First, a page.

I did what any teacher does: I made do. My students still needed to go to P.E. and Art. They still needed to read, write, and work on vocabulary. They still needed to learn about a social studies inquiry unit we are starting. They still needed to go to lunch. They still needed to review place value and how to represent numbers in base 10. They still needed an afternoon recess. They still needed to work on personal narratives. They still needed to listen to more of the book Wonder.
In short, they still needed to learn.
Which meant I still needed to teach.
Even though my eye was burning, my eyes were watering, and my head was in pain, I still taught. I pushed through the pain, relying almost entirely on adrenaline to keep me from collapsing.
And it worked. I taught, and my students learned.
Of course, as soon as school was over, I called my eye doctor, scheduled an immediate appointment, and he confirmed that my cornea was indeed scratched again. His sense is that my cornea never quite fully healed from August, so I may have to see a corneal specialist who will remove the entire cornea and work medical magic to make me all better.
At least the abrasion was on my blind left eye!
I love data. I know, it is weird. But, seriously, looking at and interpreting data makes me happy. I can look at a spreadsheet full of numbers and make sense of it in a way that I know many don’t. I don’t know if that is because I am not a visualiser (a condition known as aphantasia) or just because I have been around enough data-minded people that it makes sense to me. Whatever the reason, I really, honestly, sincerely, deeply, passionately love data, especially when it comes to my profession.
Oddly enough, my love for data has also had a positive impact on my understanding of genealogy, or the study of one’s family history. While genealogy has long been a mild interest for me, it increased dramatically after my father passed away last February and I realised I didn’t know nearly as much about my family’s history as I would have liked. I have spent countless hours on sites like Family Search and Ancestry, combing through records that list names, dates, and locations. At first, this information didn’t make much sense to me, but once I realised it was just data, it was as if a light went on, and I found that a quick glance at a couple of US Census report from the early 20th century could reveal that my great-grandmother died when my grandmother was in high school and, as a result, my grandmother became the primary caregiver of her family even as she was finishing school.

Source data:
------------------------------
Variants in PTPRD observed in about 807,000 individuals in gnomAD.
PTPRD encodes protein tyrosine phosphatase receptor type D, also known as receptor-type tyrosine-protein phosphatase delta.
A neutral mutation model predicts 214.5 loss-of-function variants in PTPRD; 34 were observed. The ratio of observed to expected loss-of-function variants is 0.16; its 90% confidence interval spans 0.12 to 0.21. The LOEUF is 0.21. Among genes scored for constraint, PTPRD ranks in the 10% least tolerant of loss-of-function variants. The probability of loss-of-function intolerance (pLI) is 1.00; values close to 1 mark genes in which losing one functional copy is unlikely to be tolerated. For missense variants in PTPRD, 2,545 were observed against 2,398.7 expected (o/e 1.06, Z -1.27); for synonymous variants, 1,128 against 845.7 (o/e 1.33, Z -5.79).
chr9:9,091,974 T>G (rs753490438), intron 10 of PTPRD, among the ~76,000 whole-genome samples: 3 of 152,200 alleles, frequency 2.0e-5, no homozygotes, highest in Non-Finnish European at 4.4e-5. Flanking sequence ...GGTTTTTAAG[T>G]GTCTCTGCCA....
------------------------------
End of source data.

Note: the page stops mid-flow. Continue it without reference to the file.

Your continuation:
When that light went on, another light went on for me. I realised that the data I love about my profession is only loved because the numbers and letters have meaning beyond what is on the page or screen. However, that meaning is only valuable if I share it with others or use it in a way that moves my knowledge of my students beyond the initial understanding of the data.
When others look at summary reports of my students, they may only see racial demographics or raw scores on standardised assessments or current levels of learning. I look at these same summary reports and I see stories of children who love and support and respect one another with no regard for racial or ethnic difference. I see students who persevere in the face of great odds, who try their hardest even when they know they don’t quite get it yet. I see the stories of students who know what their strengths are and use those to their advantage, especially when overcoming weaknesses. I see the stories of students who have lived in the same house in the same neighbourhood for nine years and and the stories of students who have lived in ten homes in half as many states in the same period of time. In short, I see the meaning behind the data.
I spent today in training with other new mentor teachers in my district. We spent much of the day discussing how to collect and share data when observing our protégés and how to use a coaching conversation to guide a discussion about what that data means. Just as I look at the data and see the meaning, or stories, behind them, I know that I will need to do the same when I examine the data collected during observations.
Yes, I love data. But that is because the data tell me a story and that story has meaning to both me and to my students.